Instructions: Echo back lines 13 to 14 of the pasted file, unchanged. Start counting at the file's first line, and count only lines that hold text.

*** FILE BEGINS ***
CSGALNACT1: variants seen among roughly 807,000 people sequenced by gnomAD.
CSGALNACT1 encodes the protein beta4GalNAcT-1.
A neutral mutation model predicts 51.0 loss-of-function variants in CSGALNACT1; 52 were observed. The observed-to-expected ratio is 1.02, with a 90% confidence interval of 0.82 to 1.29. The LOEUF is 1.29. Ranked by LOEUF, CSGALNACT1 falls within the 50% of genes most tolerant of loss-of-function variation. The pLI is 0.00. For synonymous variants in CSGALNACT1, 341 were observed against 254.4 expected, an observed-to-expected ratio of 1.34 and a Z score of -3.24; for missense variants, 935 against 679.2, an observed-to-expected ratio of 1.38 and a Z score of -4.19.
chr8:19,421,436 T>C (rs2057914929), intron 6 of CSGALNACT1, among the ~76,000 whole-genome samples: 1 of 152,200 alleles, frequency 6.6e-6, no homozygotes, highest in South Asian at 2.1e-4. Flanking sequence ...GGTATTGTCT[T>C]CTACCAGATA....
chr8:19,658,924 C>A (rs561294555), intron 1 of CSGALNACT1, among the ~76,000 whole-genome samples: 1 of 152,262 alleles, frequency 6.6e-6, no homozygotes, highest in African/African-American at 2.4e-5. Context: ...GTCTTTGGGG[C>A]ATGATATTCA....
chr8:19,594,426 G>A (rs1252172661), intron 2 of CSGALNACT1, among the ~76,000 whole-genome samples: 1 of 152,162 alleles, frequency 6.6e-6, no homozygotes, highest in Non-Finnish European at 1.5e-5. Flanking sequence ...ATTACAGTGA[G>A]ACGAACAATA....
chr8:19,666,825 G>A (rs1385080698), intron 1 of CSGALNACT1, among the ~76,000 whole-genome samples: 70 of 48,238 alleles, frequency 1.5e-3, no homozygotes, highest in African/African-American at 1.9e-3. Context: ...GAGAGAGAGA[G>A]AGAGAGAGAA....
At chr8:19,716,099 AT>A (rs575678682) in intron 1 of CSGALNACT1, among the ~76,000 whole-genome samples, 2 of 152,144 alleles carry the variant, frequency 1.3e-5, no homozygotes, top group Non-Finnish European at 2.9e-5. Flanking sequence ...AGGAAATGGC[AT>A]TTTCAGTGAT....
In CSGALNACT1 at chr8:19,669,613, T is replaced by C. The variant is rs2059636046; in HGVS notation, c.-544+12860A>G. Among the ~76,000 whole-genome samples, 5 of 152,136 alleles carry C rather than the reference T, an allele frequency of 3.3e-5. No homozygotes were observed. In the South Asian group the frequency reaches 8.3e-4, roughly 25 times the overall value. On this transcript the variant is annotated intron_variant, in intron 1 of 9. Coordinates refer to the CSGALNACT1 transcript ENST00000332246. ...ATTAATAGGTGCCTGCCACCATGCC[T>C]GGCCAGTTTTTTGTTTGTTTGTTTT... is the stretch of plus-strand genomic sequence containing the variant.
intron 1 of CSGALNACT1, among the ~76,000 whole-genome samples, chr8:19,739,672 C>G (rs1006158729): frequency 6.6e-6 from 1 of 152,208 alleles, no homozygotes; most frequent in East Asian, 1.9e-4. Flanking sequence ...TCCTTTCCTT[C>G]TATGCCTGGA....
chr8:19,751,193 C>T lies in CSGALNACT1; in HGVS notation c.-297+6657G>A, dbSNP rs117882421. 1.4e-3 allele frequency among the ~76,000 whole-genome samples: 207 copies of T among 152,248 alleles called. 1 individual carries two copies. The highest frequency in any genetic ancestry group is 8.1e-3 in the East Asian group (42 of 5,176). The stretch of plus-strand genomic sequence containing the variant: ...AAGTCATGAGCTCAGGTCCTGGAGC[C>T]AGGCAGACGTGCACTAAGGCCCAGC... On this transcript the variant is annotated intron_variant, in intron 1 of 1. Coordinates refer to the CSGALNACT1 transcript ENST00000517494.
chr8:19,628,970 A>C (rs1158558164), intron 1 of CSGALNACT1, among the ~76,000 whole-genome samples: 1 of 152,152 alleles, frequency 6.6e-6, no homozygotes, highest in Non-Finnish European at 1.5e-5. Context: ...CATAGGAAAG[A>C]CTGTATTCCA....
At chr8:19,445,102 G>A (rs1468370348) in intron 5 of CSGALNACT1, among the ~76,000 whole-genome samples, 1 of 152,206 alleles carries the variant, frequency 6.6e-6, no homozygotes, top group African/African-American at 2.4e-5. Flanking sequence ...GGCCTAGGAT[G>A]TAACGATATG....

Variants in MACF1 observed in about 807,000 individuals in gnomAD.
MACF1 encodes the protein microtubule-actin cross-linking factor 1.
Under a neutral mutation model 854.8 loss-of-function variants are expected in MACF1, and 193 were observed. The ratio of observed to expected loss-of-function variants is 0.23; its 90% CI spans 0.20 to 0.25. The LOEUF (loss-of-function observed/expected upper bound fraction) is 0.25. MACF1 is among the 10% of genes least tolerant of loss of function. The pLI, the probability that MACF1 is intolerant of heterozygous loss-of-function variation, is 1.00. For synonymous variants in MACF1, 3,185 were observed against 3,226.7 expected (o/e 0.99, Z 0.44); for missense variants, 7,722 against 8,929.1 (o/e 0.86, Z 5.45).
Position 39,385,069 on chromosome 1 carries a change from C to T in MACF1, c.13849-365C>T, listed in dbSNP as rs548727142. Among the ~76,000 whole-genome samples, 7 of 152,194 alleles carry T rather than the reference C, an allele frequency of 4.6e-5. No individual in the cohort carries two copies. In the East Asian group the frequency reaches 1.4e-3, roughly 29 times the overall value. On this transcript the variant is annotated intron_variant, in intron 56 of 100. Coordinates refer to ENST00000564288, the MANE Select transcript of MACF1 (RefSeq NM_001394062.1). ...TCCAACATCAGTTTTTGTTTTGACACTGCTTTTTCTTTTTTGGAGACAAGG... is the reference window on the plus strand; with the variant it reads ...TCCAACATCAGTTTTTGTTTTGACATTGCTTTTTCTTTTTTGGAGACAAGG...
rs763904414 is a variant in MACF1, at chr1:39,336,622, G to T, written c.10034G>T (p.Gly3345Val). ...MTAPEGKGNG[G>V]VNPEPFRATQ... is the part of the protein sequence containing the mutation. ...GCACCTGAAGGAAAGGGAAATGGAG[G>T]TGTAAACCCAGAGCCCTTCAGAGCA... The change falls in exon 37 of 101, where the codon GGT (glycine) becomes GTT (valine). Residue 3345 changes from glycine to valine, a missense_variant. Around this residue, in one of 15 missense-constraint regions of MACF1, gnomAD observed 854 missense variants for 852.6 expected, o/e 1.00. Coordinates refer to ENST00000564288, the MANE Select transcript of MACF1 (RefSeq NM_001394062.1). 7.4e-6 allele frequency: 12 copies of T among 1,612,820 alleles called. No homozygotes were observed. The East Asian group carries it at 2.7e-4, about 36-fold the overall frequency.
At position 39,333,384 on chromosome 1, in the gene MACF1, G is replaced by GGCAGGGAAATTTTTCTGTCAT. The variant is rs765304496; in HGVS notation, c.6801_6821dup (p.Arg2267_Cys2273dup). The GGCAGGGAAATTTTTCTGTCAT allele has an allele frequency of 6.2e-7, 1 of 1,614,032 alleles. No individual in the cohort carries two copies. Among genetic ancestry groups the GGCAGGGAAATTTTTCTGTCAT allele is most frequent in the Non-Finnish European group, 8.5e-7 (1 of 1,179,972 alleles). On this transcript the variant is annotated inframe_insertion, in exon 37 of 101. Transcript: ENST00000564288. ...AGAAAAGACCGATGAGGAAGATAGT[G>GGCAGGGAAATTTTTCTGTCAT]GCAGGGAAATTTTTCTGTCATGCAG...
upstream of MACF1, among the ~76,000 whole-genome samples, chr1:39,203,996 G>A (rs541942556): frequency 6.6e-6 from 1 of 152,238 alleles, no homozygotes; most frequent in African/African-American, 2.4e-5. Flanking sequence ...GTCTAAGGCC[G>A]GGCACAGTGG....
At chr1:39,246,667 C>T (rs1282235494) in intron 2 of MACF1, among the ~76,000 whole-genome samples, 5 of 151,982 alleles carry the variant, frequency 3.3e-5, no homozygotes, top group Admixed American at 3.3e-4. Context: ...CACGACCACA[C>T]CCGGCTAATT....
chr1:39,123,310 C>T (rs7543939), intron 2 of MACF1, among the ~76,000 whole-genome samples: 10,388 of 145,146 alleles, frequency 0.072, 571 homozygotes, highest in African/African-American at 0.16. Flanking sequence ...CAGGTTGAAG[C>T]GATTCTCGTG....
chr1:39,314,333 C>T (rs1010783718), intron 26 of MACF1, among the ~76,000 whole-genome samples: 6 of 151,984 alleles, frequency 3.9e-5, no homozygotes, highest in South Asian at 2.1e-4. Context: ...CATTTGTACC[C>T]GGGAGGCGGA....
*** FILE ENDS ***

At chr8:19,445,102 G>A (rs1468370348) in intron 5 of CSGALNACT1, among the ~76,000 whole-genome samples, 1 of 152,206 alleles carries the variant, frequency 6.6e-6, no homozygotes, top group African/African-American at 2.4e-5. Flanking sequence ...GGCCTAGGAT[G>A]TAACGATATG....

Variants in MACF1 observed in about 807,000 individuals in gnomAD.